Pomerleau is undertaking an expansion of the St. John's Convention Centre in Newfoundland and Labrador to double the facility’s capacity, which is stimulating the construction of new hotels in the downtown core.
"We did a study in 2009 that showed larger national and international conventions wanted to come here," said Tom Hann, St. John's city councillor.
"But we couldn't attract them, because we couldn't accommodate them. We didn't have anything big enough. So, we decided that we needed to double the size of our convention centre and that is the decision we made."
The $64-million expansion of the St. John's Convention Centre, which began in June 2013, will increase the facility's floor space to 100,000 square feet. Currently, the centre has the capacity to host conventions of 400 to 600 people in conjunction with the Delta Hotel.
However, the facility has difficulty competing with similar sized locations in Atlantic Canada, such as Moncton, Fredericton or Charlottetown. The expansion project will provide the space to host conventions of 600 to 800 people and link the building directly to the Delta hotel.
"The increase of the space is pretty straight forward. It's the tie in and marrying with the existing building that is the challenge," said Lorin Robar, project director with Pomerleau.
"We will be taking off pretty much the whole west side of the building, where we join in. The main challenge here is to maintain the structural integrity and operational ability of the existing building."
Robar said the centre is currently open to business while formwork on the project is being completed. This was a bit challenging, because Pomerleau had issues finding good quality formwork and rebar tradespeople.
"The steel work is ongoing and we are ramping up with the glazing. As much of the actual steel framing that we can do should be complete by the end of July," said Robar.
"The project is phased, so we don't get access to the existing building until November of this year. We won't do any more steel until we get access to the building."
The next stage of the project will begin in November when the existing building is closed so the interior to be demolished. Once this is done, an internal fit-out will be undertaken of the existing building.
According to Robar, Pomerleau is using 3-D modeling to avoid potential conflicts between various trades, before they impact the schedule or increase costs.
"BIM (Building Information Modeling) helped us with interference issues and visualizing the new construction. It allowed us to see how everything was going to go together before we actually built it to make sure there weren't clashes between one trade or another," he said.
"The point of the information modeling is to avoid conflicts. By doing that before the pipe is in the air we avoid costly change orders."
Another significant challenge for the expansion project has been staging for materials and equipment.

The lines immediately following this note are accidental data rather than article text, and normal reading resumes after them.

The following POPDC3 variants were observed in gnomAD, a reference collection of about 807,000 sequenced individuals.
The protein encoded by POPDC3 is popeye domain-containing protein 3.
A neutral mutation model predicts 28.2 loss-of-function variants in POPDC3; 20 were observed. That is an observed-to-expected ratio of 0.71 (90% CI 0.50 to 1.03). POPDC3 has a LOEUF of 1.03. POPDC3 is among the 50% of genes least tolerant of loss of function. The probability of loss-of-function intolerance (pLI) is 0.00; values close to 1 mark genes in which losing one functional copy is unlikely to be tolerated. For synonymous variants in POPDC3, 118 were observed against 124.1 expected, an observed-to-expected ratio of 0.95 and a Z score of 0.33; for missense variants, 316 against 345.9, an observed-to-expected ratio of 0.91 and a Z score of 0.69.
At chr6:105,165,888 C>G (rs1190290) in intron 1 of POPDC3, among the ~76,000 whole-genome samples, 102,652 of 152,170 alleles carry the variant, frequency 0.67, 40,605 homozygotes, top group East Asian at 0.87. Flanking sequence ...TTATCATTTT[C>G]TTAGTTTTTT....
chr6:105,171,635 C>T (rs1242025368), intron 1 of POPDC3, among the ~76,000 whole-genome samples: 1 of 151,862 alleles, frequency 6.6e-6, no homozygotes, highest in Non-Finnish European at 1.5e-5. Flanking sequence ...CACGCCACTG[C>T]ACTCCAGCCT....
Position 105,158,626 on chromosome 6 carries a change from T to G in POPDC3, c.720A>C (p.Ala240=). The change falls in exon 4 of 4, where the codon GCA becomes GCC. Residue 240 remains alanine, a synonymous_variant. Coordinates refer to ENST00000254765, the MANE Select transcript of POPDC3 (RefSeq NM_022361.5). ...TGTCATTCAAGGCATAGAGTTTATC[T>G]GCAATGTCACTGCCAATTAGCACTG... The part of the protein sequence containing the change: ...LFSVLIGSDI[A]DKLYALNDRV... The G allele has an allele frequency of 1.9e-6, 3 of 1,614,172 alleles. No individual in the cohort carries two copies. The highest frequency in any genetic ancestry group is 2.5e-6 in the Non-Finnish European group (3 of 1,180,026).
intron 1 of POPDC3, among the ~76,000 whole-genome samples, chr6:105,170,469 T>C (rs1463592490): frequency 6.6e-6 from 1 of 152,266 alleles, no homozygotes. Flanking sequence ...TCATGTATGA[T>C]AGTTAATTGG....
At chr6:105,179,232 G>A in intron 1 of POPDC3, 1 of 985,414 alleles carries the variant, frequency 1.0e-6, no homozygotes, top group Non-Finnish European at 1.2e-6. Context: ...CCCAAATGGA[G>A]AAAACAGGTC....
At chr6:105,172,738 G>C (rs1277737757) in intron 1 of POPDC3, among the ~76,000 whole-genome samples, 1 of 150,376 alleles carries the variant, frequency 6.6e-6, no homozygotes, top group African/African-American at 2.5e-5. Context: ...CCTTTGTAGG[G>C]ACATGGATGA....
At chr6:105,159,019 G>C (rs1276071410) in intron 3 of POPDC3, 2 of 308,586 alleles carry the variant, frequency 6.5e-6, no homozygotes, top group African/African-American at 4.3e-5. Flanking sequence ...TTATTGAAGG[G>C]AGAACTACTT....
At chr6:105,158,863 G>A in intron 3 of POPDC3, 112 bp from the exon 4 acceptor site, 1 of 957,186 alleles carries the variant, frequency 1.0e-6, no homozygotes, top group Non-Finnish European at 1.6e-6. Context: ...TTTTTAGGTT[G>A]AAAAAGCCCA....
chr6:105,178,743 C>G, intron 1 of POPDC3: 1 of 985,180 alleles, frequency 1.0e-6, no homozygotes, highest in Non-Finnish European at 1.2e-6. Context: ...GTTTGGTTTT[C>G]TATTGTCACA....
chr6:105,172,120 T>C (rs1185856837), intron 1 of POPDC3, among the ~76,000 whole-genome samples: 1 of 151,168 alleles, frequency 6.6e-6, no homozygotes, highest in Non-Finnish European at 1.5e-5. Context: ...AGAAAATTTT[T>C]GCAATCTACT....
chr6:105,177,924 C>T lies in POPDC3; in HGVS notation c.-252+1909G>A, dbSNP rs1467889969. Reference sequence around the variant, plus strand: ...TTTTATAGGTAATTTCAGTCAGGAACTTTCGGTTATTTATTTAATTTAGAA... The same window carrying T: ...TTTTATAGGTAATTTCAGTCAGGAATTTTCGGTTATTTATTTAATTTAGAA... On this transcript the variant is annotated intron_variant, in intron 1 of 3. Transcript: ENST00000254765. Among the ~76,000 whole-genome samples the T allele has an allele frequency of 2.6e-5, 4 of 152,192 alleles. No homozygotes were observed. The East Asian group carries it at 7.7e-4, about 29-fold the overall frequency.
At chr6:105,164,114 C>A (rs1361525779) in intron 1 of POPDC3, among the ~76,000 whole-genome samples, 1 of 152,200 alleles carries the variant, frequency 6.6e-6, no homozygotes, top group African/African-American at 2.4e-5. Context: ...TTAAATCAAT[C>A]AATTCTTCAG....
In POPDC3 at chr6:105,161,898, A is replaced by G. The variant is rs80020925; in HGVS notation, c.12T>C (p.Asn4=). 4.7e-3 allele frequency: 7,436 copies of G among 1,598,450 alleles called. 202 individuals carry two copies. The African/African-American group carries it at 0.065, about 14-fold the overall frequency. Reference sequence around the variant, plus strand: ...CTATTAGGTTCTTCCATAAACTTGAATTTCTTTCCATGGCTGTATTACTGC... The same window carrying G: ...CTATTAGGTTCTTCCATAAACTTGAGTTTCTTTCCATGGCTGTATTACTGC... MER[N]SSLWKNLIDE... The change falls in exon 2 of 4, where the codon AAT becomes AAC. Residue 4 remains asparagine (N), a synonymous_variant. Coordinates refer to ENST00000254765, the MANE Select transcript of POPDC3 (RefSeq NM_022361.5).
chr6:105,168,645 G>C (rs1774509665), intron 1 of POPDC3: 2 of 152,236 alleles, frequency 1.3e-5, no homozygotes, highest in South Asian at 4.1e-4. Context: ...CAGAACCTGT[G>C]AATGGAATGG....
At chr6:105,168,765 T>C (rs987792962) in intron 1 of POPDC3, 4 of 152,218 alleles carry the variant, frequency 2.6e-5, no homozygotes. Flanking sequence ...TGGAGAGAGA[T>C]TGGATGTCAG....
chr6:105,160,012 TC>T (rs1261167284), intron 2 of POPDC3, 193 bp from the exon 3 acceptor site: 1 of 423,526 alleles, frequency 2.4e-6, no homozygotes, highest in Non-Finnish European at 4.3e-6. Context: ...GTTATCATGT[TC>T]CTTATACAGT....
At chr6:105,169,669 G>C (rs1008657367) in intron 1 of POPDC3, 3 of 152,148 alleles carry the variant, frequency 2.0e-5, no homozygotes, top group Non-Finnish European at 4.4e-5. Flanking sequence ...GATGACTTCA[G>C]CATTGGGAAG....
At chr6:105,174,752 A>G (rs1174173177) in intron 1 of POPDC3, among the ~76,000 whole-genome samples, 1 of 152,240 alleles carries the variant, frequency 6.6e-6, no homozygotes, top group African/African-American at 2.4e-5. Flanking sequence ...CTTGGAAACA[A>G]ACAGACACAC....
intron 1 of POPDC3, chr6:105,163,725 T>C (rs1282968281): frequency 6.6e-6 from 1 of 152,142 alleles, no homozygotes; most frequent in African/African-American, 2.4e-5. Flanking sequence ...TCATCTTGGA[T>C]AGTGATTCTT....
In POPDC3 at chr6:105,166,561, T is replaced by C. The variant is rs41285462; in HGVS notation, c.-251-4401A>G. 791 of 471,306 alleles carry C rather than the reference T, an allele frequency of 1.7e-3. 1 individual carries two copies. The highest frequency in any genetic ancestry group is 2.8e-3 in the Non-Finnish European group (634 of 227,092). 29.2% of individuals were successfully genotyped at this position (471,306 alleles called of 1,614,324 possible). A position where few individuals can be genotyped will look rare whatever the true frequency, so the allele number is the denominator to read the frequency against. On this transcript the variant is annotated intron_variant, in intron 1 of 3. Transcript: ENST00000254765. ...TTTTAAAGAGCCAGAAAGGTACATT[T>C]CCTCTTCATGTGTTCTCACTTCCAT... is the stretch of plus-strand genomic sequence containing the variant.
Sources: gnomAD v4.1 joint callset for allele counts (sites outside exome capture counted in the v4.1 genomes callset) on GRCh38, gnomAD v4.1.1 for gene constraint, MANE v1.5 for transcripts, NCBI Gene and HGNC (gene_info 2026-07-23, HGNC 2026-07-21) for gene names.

"We took one lane of an existing street for deliveries and currently we have one lane of another street where we can lay down for the form work, which is currently being shipped out," said Robar. "It's a challenge. We keep moving things over and over, because of the space constraints we have."
Construction of the project is scheduled for completion in December 2015. At peak construction there will be about 200 people working on the project.
Hann said a strong local economy and the expansion of the convention centre led to a boom in new hotel construction, with about 1,150 rooms in the planning stage or under construction.
According to Hann, Hampton Inn recently completed construction of a hotel with 139 rooms. In addition there are a number of projects in the planning stage or under construction, including: an expansion at the Marriot (46 rooms); Steel Hotels (90 rooms); Manga Hotels (120 rooms); Sandman Inn (200 rooms and three major chain restaurants; an unnamed hotel at the airport (125 rooms); and the Lighthouse Project (25 rooms).
There is also a plan by the owners of a parking garage called Atlantic Place to add a few floors on the top of the structure, which will create 150 rooms.
Both the federal and provincial governments are committed to invest $15 million for the project.
The city's share will be covered by an accommodation tax of four per cent that is applied to every hotel room in St. John's.
The Newfoundland and Labrador government reported that major meetings (events booking 50 or more guest rooms per) in the St. John's area increased to 104 in 2013 from 90 in 2012. In the same period, the number of delegates attending rose 17.3 per cent to more than 25,900, which is a record high.
This activity translated into an increase of about 31 per cent in the number of room nights sold to more than 42,200.
Hann said the number of conventions is predicted to increase by 20 per cent in the first year of operation and 50 per cent by the fifth year.